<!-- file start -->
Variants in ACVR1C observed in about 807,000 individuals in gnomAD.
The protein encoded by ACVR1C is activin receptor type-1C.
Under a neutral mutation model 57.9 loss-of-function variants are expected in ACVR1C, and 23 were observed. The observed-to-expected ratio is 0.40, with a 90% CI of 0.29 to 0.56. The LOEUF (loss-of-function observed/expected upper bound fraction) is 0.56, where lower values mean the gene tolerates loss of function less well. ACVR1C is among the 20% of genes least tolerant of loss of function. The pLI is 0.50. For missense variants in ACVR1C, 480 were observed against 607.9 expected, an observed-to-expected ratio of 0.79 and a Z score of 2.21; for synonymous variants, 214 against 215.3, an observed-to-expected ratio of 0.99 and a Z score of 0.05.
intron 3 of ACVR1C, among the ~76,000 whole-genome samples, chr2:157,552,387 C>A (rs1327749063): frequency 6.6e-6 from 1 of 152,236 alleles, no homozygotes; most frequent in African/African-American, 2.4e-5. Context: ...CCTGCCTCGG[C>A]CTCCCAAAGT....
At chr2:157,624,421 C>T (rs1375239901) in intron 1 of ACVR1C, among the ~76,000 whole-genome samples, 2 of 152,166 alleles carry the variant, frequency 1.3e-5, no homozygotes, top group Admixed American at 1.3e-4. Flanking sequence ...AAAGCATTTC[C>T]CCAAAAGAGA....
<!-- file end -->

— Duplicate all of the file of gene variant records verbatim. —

Variants in ACVR1C observed in about 807,000 individuals in gnomAD.
The protein encoded by ACVR1C is activin receptor type-1C.
Under a neutral mutation model 57.9 loss-of-function variants are expected in ACVR1C, and 23 were observed. The observed-to-expected ratio is 0.40, with a 90% CI of 0.29 to 0.56. The LOEUF (loss-of-function observed/expected upper bound fraction) is 0.56, where lower values mean the gene tolerates loss of function less well. ACVR1C is among the 20% of genes least tolerant of loss of function. The pLI is 0.50. For missense variants in ACVR1C, 480 were observed against 607.9 expected, an observed-to-expected ratio of 0.79 and a Z score of 2.21; for synonymous variants, 214 against 215.3, an observed-to-expected ratio of 0.99 and a Z score of 0.05.
intron 3 of ACVR1C, among the ~76,000 whole-genome samples, chr2:157,552,387 C>A (rs1327749063): frequency 6.6e-6 from 1 of 152,236 alleles, no homozygotes; most frequent in African/African-American, 2.4e-5. Context: ...CCTGCCTCGG[C>A]CTCCCAAAGT....
At chr2:157,624,421 C>T (rs1375239901) in intron 1 of ACVR1C, among the ~76,000 whole-genome samples, 2 of 152,166 alleles carry the variant, frequency 1.3e-5, no homozygotes, top group Admixed American at 1.3e-4. Flanking sequence ...AAAGCATTTC[C>T]CCAAAAGAGA....